Should Non-Violent Offenders Do Jail Time

750 Words3 Pages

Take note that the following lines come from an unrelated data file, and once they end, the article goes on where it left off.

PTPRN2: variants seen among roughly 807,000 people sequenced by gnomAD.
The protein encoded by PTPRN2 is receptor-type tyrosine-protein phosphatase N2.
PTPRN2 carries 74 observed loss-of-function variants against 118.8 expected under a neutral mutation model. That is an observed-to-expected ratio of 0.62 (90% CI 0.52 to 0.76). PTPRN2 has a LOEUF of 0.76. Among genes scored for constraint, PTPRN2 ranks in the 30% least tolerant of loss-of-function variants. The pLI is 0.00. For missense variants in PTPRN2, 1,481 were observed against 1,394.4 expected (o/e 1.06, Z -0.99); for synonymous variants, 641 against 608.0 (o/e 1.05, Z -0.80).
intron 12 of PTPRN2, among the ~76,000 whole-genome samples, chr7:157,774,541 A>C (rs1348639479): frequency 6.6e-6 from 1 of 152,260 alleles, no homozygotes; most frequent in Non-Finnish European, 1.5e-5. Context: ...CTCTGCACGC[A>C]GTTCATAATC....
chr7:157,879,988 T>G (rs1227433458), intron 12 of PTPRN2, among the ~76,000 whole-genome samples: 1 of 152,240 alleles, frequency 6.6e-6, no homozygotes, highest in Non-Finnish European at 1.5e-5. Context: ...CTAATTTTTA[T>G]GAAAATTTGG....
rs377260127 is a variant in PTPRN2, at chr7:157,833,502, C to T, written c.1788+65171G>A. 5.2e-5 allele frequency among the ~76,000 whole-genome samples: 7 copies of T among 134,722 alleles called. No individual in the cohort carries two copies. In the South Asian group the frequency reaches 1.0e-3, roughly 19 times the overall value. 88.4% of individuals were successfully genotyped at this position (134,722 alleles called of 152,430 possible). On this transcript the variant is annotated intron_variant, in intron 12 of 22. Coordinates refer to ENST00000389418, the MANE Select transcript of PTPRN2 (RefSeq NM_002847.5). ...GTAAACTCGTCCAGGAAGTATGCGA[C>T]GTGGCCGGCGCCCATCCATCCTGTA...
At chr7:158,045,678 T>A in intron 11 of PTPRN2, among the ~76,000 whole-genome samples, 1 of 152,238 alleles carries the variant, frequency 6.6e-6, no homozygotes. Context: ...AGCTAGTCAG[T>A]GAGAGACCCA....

There is nothing like a good argument about justifiable imprisonment while mingling around the office water cooler. The benefits of being incarcerated must outweigh the cost of being locked up in order to justify it as a punishment. When individuals are imprisoned and confined to jail, resources are therefore being used. Kevin Carr, the author of “Criminals Convicted of Non-Violent Crimes” article, scratches the surface with some of the underlying issues. He expresses his concerns and shares his viewpoint with the readers about our unjust judicial system for these offenders. Should criminals convicted of non-violet crimes face jail terms? Through out his commentary, Kevin mentions a few good argumentative points. For example, he strongly feels that no matter how heinous the crime may be, the senseless act such as “theft” is still a violation of the law. For example, he feels people who break the law should be punished accordingly and not necessarily be locked-up and behind bars. Another point presented by the author is how United States citizens have to rectify and acquit oneself in order to be punished and imprisoned for their wrongdoings. Kevin Carr feels that people should not be restrained and confined behind steel bars. Despite the previous arguments, another reason Kevin strongly feels that “criminals convicted of non-violet crimes” should not face jail terms is because it can leave a psychological affect on people who are not a threat or danger to others. In other words, offenders that find themselves incarcerated for a small case such as being a thief, a beggar, or being a violator for parking infractions should not be labeled and put in the same classification as people who are convicted of repulsive, despicable, and inhuman types of criminal violence. The demeanor of the once calm and harmful individual can change just from their experience
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